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According to a new study, the Amazon rainforest is releasing more carbon dioxide than it is absorbing. Each year, a billion tonnes of CO2 emissions are being released. What was previously a carbon sink is now speeding up the climate crisis.
Documenting the rainforest’s fires
Published in the journal Nature, the research was conducted over the last decade using small planes to measure CO2 levels up to 4,500m above the Amazon.
600 vertical profiles of CO2 and carbon monoxide emerging from the fires were taken at four sites from 2010 to 2018. The fires were found to create 1.5bn tonnes of CO2 a year with the growth of forests eliminating 0.5bn tonnes.
Before this research, several studies pointing out the absorption of CO2 were based on satellite data. These results can be easily affected by cloud cover, or ground measurements of trees, covering only small parts of the world’s biggest rainforest.
Carbon sink of the past
Scientists have stated that since 1960, the Amazon rainforest has played a significant role in absorbing a quarter of all fossil fuel emissions.
Dubbed the ‘lungs of the planet’ and home to an estimated 16,000 tree species and nearly 400 billion individual trees, the rainforest’s land is being cleared continuously to make way for beef and soy production. This prompts intentional burning for clear-cutting. The heating planet and increased droughts have also made the Amazon a source of CO2.
The researchers called this a warning sign and that it is now important more than ever to slash the emissions resulting from fossil fuels. They were particularly shocked to know that even without fires, the Amazon continues to release emissions, fueled by deforestation and fires making nearby forests more vulnerable every year.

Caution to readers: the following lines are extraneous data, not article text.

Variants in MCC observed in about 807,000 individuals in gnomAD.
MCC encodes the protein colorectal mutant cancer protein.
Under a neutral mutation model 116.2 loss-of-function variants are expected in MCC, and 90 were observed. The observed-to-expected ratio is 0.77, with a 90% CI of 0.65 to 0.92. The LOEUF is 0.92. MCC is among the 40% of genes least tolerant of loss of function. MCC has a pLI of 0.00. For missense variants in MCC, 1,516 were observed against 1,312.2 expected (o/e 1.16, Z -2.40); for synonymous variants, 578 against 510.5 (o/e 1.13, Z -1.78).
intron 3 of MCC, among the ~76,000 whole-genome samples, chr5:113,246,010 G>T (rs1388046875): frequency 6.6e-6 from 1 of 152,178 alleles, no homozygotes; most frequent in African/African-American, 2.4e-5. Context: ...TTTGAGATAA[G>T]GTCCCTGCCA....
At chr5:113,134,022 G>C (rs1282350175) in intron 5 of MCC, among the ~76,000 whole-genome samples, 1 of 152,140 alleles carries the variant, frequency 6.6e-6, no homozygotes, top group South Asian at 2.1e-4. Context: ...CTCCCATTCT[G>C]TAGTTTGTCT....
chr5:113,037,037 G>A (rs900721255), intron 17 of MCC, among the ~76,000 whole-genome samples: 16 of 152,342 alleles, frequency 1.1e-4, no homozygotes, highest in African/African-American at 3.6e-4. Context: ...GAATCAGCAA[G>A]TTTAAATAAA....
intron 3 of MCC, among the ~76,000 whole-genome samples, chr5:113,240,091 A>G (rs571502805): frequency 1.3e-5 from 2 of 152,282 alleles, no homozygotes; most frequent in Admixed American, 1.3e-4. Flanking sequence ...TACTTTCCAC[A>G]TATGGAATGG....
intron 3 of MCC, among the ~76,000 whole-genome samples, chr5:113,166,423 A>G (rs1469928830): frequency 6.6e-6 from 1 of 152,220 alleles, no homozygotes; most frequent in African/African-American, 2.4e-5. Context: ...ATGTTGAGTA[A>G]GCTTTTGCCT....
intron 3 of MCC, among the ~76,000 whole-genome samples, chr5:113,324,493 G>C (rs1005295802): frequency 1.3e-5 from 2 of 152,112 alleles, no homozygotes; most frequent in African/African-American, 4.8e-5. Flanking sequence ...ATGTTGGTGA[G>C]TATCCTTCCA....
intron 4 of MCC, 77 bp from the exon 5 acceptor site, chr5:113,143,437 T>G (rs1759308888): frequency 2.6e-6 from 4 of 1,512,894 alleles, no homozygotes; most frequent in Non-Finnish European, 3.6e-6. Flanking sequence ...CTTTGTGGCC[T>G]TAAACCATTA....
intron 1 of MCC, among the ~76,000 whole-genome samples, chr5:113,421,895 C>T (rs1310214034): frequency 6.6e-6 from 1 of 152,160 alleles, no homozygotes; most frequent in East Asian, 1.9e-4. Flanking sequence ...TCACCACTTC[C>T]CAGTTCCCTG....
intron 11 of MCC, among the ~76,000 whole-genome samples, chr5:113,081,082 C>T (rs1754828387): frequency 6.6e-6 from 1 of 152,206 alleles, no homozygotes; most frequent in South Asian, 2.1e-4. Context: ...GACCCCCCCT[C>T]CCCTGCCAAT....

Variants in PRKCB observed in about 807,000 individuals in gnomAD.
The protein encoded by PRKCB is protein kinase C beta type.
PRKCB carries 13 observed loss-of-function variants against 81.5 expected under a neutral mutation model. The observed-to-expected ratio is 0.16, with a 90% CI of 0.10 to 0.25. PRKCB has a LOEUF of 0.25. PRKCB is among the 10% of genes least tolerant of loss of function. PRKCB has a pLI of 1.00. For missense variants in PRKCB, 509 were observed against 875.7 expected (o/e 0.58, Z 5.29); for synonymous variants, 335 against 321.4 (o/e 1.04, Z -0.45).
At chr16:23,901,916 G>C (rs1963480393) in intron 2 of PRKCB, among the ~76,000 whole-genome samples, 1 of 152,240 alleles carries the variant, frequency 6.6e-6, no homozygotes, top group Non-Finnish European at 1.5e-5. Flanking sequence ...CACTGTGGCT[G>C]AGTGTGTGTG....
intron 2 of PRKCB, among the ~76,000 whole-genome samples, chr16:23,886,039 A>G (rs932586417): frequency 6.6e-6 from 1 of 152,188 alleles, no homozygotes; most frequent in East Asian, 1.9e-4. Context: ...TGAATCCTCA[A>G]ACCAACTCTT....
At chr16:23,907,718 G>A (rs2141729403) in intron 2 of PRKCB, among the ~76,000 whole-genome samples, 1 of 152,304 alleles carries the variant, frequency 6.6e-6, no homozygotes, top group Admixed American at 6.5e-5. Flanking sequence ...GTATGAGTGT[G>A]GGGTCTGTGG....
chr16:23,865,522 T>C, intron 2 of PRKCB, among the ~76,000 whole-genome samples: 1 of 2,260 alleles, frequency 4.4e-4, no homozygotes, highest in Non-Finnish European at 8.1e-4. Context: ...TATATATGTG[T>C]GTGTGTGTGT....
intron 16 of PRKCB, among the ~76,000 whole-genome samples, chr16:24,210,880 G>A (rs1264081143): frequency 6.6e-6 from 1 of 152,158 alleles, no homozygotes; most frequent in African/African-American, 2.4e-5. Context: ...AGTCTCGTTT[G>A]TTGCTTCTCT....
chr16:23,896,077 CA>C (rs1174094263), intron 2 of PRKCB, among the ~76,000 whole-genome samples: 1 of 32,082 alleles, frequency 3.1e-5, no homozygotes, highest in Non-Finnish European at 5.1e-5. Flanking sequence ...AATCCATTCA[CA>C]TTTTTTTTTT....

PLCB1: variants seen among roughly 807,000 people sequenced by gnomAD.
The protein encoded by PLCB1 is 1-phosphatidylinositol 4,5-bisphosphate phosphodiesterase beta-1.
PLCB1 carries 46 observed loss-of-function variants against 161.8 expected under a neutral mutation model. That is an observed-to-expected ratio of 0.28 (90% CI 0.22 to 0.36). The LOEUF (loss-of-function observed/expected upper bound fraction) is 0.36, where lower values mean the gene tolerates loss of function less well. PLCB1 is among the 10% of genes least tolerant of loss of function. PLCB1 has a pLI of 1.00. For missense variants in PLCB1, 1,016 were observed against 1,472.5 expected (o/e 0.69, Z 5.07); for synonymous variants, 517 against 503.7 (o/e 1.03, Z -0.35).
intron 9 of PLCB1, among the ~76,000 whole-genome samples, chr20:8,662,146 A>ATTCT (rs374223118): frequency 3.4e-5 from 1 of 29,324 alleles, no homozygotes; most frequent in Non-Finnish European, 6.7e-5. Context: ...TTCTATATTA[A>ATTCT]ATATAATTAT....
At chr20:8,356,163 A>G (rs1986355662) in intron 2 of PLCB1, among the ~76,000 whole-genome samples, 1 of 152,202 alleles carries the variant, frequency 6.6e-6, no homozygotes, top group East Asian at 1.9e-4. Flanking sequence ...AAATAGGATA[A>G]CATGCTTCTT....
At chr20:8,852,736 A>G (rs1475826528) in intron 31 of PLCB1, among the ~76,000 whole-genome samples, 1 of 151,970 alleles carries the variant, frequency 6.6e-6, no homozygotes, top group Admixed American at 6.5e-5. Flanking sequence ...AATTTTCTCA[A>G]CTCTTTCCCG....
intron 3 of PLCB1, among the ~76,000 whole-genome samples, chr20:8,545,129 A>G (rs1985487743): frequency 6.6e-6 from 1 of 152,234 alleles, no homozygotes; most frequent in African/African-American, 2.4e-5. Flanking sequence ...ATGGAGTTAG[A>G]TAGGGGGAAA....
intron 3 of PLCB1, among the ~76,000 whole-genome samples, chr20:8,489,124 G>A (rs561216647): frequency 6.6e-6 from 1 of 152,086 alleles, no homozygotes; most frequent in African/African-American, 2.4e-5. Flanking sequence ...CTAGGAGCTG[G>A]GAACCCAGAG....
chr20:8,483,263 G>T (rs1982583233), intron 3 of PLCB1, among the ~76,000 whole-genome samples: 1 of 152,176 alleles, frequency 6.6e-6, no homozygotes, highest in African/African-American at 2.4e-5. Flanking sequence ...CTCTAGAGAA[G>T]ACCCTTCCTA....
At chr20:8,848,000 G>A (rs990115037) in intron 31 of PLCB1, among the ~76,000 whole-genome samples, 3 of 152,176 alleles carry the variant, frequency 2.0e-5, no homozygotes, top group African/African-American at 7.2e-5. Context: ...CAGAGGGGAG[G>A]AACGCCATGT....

In an interview with The Guardian, a member of the National Institute for Space Research in Brazil and lead researcher, Luciana Gatti said: “The first very bad news is that forest burning produces around three times more CO2 than the forest absorbs. The second bad news is that the places where deforestation is 30% or more show carbon emissions 10 times higher than where deforestation is lower than 20%.”
A separate study had predicted that deforestation activities will result in the rainforest turning into a source of emissions within the next decade.
She added that the dry season will make it even worse for the forest leading to a “negative loop” making them more vulnerable to “uncontrolled fires.”
The first very bad news is that forest burning produces around three times more CO2 than the forest absorbs. The second bad news is that the places where deforestation is 30% or more show carbon emissions 10 times higher than where deforestation is lower than 20%Luciana Gatti, lead researcher of the study
Call for governments to save Amazon
In the past, Brazilian President Jair Bolsonaro has been criticized for his lack of action against the deforestation practices for acquiring timber, beef, and soy from the Amazon, most of which is exported out of the country. Under his rule, deforestation has soared to a 12-year high.
In reality, the soy industry is seeing losses worth US$3.5 billion a year.
He has even brushed aside the claims of wildfires calling them lies and referring to them as “campfires” instead. But the fires continue to devastate the forests reaching a record high in June this year, the highest since 2007.
The worst part is we don’t use science to make decisions. People think that converting more land to agriculture will mean more productivity, but in fact, we lose productivity because of the negative impact on rainLuciana Gatti, lead researcher of the study
Some European countries have called for blocking the E.U. trade deal with Brazil if Bolsonaro fails to do anything about the crisis.
Gatti said: “We need a global agreement to save the Amazon. Imagine if we could prohibit fires in the Amazon – it could be a carbon sink. But we are doing the opposite – we are accelerating climate change. The worst part is we don’t use science to make decisions. People think that converting more land to agriculture will mean more productivity, but in fact, we lose productivity because of the negative impact on rain.”
Bolsonaro is accused of not protecting indigenous people living in the Amazon. An investigation revealed that the rainforest plots, homes to indigenous communities, as large as 1,000 football pitches are being put for sale via Facebook marketplace ads.
Lead image courtesy of Pixabay.